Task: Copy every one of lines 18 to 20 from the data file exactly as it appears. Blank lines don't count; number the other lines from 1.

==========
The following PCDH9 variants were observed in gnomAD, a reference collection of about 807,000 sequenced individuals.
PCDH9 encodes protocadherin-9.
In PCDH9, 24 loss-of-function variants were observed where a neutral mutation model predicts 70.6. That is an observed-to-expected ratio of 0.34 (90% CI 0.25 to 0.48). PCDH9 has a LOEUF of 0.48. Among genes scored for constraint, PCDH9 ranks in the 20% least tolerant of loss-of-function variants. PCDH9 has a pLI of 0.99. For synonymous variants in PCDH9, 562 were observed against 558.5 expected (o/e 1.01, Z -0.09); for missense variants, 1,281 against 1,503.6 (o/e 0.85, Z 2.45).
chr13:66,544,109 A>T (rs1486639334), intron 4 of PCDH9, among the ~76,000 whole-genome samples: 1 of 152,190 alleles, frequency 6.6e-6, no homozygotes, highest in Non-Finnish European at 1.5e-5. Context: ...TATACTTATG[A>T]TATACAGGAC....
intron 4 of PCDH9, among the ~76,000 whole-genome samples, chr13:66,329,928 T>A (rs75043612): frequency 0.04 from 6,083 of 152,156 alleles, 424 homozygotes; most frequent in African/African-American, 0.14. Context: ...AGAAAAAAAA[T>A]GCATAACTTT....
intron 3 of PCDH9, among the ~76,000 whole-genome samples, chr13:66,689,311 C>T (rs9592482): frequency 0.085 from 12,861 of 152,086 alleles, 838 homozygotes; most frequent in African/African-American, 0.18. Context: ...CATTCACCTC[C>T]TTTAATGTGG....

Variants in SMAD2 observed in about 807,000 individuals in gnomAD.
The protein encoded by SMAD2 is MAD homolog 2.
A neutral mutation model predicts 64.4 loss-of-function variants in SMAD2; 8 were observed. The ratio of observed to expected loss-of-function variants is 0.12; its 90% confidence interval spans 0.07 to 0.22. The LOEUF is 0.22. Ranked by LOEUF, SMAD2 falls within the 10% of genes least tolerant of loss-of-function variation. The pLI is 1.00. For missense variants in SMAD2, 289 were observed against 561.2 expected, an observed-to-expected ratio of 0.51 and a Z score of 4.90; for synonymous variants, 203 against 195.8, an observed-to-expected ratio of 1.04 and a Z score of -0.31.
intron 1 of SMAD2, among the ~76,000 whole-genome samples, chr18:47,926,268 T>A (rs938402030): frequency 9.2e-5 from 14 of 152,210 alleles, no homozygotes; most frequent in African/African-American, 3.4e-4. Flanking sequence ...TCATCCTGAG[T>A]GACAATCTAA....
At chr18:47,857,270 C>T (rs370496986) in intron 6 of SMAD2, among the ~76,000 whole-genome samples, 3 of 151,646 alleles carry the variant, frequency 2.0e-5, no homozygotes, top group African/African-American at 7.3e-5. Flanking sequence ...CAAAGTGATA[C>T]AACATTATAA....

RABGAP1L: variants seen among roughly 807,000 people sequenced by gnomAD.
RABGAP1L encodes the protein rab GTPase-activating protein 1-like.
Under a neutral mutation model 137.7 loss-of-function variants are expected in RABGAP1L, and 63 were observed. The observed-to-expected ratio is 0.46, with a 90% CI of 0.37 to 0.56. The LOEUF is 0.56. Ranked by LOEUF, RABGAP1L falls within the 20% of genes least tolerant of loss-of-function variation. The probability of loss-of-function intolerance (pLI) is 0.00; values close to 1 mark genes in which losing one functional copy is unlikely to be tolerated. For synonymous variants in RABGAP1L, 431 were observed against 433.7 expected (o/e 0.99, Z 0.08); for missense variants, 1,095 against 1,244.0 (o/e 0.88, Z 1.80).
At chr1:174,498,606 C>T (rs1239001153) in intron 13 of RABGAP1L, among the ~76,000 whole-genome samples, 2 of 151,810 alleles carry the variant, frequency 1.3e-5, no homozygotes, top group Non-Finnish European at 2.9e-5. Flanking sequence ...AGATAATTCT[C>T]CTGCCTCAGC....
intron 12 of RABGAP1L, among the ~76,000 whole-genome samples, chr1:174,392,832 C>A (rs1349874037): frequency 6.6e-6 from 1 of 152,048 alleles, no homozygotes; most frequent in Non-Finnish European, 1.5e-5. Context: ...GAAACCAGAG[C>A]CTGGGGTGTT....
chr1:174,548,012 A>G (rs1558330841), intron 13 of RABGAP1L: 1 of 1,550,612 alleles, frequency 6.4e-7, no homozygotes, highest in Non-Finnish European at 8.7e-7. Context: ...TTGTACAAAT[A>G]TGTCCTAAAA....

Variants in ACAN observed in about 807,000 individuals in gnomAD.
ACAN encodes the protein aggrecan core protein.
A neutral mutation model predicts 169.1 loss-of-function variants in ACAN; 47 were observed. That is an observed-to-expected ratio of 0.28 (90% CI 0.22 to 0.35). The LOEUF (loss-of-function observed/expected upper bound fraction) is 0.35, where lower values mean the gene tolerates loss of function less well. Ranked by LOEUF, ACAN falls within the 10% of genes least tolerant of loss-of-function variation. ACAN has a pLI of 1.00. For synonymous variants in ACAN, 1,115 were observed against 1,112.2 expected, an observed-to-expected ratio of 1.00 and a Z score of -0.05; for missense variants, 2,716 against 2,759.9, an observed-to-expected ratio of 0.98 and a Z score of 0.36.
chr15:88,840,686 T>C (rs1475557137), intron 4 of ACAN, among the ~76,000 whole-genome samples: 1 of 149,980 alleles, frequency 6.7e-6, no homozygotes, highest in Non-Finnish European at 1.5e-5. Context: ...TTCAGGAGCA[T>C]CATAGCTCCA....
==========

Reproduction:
Variants in ACAN observed in about 807,000 individuals in gnomAD.
ACAN encodes the protein aggrecan core protein.
A neutral mutation model predicts 169.1 loss-of-function variants in ACAN; 47 were observed. That is an observed-to-expected ratio of 0.28 (90% CI 0.22 to 0.35). The LOEUF (loss-of-function observed/expected upper bound fraction) is 0.35, where lower values mean the gene tolerates loss of function less well. Ranked by LOEUF, ACAN falls within the 10% of genes least tolerant of loss-of-function variation. ACAN has a pLI of 1.00. For synonymous variants in ACAN, 1,115 were observed against 1,112.2 expected, an observed-to-expected ratio of 1.00 and a Z score of -0.05; for missense variants, 2,716 against 2,759.9, an observed-to-expected ratio of 0.98 and a Z score of 0.36.